Every day at the Reference Desk we are exposed to what some people might uncharitably call student disorganization: laptops with 80 pdfs on the desktop, or browsers with 25 tabs open to different papers. Students scramble through these messes as they talk to us. But in fairness, it is not dissimilar to desks piled high with physical papers and books. (Where oh where did I put that paper by Professor Jennifer Smith?)
The truth is that the acts of collecting and then FINDING all the “stuff” we MIGHT be using in a particular research project, create age-old problems. Some might argue that if the stuff is in print, stacks and files can be created that help organize it. But, honestly, those stacks and files often do not get created. And are they really any different than students creating folders on their laptops to dump stuff into?
Another truth is that what appears to be disorganization is often part of the evolution of a person’s thought process. Searching through pages, triangulating on ideas, sifting back and forth – those are intellectual activities that can be part of the development of new ideas and the finding of new directions. Real organization of our stuff takes place when our thinking has evolved to the point that we know what our questions are and where we might be taking our ideas.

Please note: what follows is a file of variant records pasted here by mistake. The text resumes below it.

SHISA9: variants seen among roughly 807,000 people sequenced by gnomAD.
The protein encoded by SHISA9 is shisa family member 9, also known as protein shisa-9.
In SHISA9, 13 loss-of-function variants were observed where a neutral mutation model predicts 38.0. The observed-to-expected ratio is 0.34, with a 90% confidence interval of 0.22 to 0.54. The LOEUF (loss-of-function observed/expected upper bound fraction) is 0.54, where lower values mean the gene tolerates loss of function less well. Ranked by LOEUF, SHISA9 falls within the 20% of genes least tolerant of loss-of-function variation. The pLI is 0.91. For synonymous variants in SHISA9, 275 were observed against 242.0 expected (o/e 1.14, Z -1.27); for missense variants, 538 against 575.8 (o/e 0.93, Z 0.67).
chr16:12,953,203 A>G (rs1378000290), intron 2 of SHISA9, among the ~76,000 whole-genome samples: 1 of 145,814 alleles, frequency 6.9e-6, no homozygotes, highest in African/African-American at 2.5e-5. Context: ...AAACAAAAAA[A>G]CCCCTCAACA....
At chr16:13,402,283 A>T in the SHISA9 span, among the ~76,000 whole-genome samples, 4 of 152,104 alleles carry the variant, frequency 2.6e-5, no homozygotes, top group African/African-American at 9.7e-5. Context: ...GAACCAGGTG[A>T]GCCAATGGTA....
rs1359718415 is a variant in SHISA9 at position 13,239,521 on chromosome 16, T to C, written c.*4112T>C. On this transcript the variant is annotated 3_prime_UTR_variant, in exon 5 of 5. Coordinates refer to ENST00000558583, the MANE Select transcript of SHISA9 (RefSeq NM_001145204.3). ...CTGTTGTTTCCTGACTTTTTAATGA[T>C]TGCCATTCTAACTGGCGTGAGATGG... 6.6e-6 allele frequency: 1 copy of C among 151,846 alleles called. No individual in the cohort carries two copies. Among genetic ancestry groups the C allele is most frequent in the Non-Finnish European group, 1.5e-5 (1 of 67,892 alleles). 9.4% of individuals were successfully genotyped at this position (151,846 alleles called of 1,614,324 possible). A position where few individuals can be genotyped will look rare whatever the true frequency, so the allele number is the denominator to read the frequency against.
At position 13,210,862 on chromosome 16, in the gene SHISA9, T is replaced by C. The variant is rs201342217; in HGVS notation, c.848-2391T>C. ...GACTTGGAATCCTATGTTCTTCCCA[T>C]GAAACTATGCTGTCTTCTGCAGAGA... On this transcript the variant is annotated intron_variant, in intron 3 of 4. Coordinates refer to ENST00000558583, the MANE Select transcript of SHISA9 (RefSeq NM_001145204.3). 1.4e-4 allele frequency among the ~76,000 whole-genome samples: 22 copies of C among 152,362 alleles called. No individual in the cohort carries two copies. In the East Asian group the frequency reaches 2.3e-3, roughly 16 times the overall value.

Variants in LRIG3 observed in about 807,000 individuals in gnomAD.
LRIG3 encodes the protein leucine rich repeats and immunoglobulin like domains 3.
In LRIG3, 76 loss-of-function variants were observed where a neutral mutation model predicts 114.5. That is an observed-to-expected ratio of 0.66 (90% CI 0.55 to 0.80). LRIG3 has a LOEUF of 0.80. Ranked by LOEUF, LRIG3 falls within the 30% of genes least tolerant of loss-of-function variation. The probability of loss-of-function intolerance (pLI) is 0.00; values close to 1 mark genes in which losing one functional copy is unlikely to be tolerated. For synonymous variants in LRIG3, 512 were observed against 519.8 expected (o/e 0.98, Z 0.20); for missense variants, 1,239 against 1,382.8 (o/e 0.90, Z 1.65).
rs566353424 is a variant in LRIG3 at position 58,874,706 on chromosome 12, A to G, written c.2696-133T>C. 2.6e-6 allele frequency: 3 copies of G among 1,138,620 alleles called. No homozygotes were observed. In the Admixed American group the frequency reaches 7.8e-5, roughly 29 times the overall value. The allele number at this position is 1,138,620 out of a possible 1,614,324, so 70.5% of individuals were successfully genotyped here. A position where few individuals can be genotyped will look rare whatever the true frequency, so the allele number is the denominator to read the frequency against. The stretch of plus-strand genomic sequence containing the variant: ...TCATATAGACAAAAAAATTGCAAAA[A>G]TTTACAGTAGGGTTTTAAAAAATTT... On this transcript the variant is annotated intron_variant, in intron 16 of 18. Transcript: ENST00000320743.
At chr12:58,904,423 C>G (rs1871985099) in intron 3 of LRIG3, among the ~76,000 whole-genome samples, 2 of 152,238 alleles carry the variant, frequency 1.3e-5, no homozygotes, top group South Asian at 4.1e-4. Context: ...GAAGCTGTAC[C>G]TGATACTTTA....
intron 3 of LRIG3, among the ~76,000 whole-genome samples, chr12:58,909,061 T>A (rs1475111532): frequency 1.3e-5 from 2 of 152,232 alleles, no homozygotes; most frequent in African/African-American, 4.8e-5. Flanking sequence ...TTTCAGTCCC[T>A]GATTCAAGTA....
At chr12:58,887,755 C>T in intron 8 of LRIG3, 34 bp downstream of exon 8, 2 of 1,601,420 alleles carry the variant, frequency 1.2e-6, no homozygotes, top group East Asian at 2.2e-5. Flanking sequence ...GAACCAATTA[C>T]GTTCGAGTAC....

We all know that programs such as RefWorks can make the creation of correctly formatted footnotes/endnotes/in-text citations and bibliographies much easier. It’s a better software to use than EasyBib (which many students use before coming to college), although it lacks the sophistication of EndNote or Zotero, which many people on the graduate level and above use. For most projects RefWorks works well, and students can save and transport their materials anywhere, and, if they wish, eventually move their citations to one of the more sophisticated systems. A vast majority of colleges and universities offer access to RefWorks. (For a more detailed description of using RefWorks, go to Andrew Lopez’s post on this blog.
But it is easy to get hung up on this formal use of RefWorks for producing the footnotes/endnotes/bibliographies etc. for research papers and projects. The truth is, it can have equal value as being a storage and organizational tool for the things we collect for research projects. Like clearing stacks of paper and books off of our physical desks, it can clear the top of our virtual desktops.
If you are a student who prefers to read digitally and never have stacks of paper, consider whether your virtual desktop is as messy as your friend’s or professor’s physical desk.
If you are a faculty member, you can help simplify many students’ lives by suggesting that they use this organizational tool. You might even (if you don’t already use a citation manager) consider signing up for it yourself. It is robust enough to handle many publication projects.
So, think about stashing your stuff. Finding things will be easier, and recycling is never a problem.
Sign up here. If you have questions when you are using it, come to Reference and ask for help.